Pull up a seat, grab a pen and some paper and listen to this. Yet another meeting where a co worker is discussing a law case.
Now take in the room. The white walls, the floor-to-ceiling glass windows, the 10 foot long table and the multiple chairs that surround you. Make sure you’re taking notes and don’t drift off.
It’s hard to do when you are not as interested as you should be.
Fatemeh Mashouf was doing just that, trying to find interest in the meeting, but couldn’t. She began writing small notes and other information on her note pad. It was during the holiday season and she thought about all the decorations that appeared in and around the city.
Christmas is such a large celebration in America that the underlying amount of people that don’t celebrate it are overlooked.
30-year-old Mashouf struggled to find her Muslim identity in an unknown Western culture the majority of her youth, which lead to the development of a book series.
She thought about how to help children who may struggle with their identity as she did when she was growing up, and that led to Rafiq and Friends, an edutainment series featured on National Public Radio.
“The reason I made Rafiq and Friends and the way that I made Rafiq and Friends is to help little human beings that happen to be Muslim identify with a culture that currently doesn’t exist very prevalently,” Mashouf said. “They are not Muslims from the Middle East, that’s not their identity.”
She started out on an educational path before turning to law, but the idea of helping and teaching others to fight through their crises never left her mind.
Mashouf said that her major struggle was she wasn’t allowed to idolize certain characters unlike her peers. Also, while she in school many holidays were celebrated, but never any of the ones she celebrated at home.
“I just was completely cut off from understanding that. My parents always told me that Santa was fake and that it was ridiculous that I would want him to be real,” Mashouf said. “I just wanted to believe he was real because I wanted to have the level of joy over Christmas that everybody else was able to have.”
With the way her household was, Muslim holidays came and went almost unnoticed except for visiting the mosque.
The process of publication for her book took almost a year because she wanted to it to self publish due to the content and context of the book and materials that came along with it.
“The first book of her series Rafiq and Friends is focused on the celebration of Eid, the last day of Ramadan, which is a major celebration in Muslim culture,” Mashouf said. “It’s almost the equivalent to a Muslim Christmas, yet growing up here, we don’t get the day off school for Eid. We don’t have the malls decorated for Eid. Our teachers aren’t celebrating Eid. So, it was a very isolating holiday, therefore we didn’t get to enjoy the benefit of it.”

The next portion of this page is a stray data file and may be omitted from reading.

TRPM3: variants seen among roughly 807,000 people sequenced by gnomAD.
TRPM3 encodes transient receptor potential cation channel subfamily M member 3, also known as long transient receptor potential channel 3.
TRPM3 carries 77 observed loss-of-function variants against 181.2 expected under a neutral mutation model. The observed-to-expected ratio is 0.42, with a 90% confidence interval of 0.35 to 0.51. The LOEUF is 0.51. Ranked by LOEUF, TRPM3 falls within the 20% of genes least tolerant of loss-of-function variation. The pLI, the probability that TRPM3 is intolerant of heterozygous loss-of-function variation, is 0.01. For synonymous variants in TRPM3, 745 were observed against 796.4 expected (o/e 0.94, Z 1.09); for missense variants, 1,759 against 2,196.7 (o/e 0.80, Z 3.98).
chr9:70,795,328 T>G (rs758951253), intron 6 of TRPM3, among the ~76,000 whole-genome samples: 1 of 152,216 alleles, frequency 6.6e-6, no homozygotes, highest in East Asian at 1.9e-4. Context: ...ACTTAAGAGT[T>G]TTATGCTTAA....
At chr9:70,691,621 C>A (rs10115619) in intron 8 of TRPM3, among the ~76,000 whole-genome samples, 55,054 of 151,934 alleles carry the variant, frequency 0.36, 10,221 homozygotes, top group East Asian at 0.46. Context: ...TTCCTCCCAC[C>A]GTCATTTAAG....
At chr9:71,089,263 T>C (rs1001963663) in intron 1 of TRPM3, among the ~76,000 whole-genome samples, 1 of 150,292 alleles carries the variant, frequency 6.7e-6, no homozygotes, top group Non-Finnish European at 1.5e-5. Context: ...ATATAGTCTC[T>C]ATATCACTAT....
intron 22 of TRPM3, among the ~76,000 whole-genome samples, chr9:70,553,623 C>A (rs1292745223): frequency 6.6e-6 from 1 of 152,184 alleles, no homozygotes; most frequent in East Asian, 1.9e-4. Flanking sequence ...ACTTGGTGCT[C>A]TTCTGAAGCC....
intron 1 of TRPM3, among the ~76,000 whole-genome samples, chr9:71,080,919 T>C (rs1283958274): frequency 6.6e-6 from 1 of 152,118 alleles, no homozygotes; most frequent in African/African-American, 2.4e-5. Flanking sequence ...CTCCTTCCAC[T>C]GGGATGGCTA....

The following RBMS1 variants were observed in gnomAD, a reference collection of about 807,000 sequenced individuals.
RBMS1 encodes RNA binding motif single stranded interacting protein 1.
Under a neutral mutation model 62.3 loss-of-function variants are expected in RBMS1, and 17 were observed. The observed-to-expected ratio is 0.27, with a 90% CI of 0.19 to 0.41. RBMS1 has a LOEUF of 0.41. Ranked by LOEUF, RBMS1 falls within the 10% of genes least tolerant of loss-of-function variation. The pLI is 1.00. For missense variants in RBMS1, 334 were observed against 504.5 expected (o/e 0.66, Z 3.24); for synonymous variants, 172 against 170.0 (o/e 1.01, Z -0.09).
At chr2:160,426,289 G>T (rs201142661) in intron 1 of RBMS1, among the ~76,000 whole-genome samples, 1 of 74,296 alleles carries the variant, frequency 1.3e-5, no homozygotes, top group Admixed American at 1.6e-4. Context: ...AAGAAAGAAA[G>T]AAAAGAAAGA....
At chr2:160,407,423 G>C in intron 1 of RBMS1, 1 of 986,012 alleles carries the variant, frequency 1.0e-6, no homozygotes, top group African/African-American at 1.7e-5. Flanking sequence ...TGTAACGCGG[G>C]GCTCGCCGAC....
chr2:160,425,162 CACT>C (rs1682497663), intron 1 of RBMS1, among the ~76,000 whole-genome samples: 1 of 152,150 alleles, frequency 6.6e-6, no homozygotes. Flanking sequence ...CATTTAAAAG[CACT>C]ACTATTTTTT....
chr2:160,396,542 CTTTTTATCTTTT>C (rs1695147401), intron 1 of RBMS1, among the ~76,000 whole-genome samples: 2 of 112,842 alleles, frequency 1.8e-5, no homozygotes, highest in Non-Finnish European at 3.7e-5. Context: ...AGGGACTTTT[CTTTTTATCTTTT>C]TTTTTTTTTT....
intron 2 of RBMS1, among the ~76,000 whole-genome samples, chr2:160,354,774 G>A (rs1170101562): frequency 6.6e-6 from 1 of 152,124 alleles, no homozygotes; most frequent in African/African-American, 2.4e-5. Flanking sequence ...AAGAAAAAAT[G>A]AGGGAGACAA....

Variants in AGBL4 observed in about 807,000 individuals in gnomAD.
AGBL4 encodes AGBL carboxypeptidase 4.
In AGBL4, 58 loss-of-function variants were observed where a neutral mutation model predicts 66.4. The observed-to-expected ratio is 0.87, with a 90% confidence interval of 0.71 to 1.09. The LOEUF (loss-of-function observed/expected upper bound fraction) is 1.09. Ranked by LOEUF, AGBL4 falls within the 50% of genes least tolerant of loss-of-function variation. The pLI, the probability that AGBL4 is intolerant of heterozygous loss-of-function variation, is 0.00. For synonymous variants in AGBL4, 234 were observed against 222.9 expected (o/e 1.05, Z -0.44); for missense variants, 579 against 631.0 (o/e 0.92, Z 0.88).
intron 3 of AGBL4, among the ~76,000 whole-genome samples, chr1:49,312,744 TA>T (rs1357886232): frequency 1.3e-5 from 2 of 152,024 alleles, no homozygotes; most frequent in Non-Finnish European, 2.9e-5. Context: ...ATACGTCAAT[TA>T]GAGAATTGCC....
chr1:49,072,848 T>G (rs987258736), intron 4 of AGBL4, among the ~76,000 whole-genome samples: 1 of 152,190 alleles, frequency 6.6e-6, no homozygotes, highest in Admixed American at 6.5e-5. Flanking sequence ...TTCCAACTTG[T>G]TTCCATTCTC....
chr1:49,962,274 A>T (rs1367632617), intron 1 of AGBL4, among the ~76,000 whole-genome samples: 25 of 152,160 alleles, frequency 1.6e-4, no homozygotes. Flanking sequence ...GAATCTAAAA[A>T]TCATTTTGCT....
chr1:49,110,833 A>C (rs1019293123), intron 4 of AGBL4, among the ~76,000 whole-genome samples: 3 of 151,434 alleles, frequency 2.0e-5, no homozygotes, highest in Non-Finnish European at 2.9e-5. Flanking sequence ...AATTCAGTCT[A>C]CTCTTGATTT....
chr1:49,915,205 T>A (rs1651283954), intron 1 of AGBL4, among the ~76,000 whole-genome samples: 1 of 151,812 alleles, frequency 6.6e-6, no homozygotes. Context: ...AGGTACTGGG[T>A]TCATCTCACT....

Mashouf said that most families that celebrate Eid, do it with their cultural norms, meaning that it’s commemorated in various different ways. She wanted to create a western celebration for the holiday.
Mashouf plans to continue writing more chapters of the book series. The current book includes activity cards that explain what you should be doing each day of Ramadan, the day before and after, and four activities for Eid Al Fitr. It also includes a plush doll of the main character Rafiq and a date plate to be used on the last day of Ramadan.
The Imam of the Islamic Center of Southern California, Asim Buyukosy, said that as an immigrant to the states, he could relate to the way Mashouf and her family may have felt when they moved to America.
“I can understand her situation coming from a homeland and finding yourself in a different environment. There are different people. Everything is new to you like the language and the culture and the religion,” Buyukosy said. “Immediately you are looking for something you can relate to, or something that reminds you of home or something you can attach to.”
He said that being a part of a mosque or islamic center can help people to become more comfortable with themselves. Learning more about the culture, religion and society, if far removed from it is beneficial to fitting in and finding a place where everyone can accept you.
Buyukosy said that woman have a harder time than men when it comes to expressing themselves through their religion, because of traditional garments.
Mashouf started wearing her her headscarf when she was nine. Her parents told her to take it off a year later and come to the conclusion of wearing it or not own her own. She went 10 years without it and at 19 started wearing it again. Now at 30-years-old she’s had it on everyday of the last 11 years.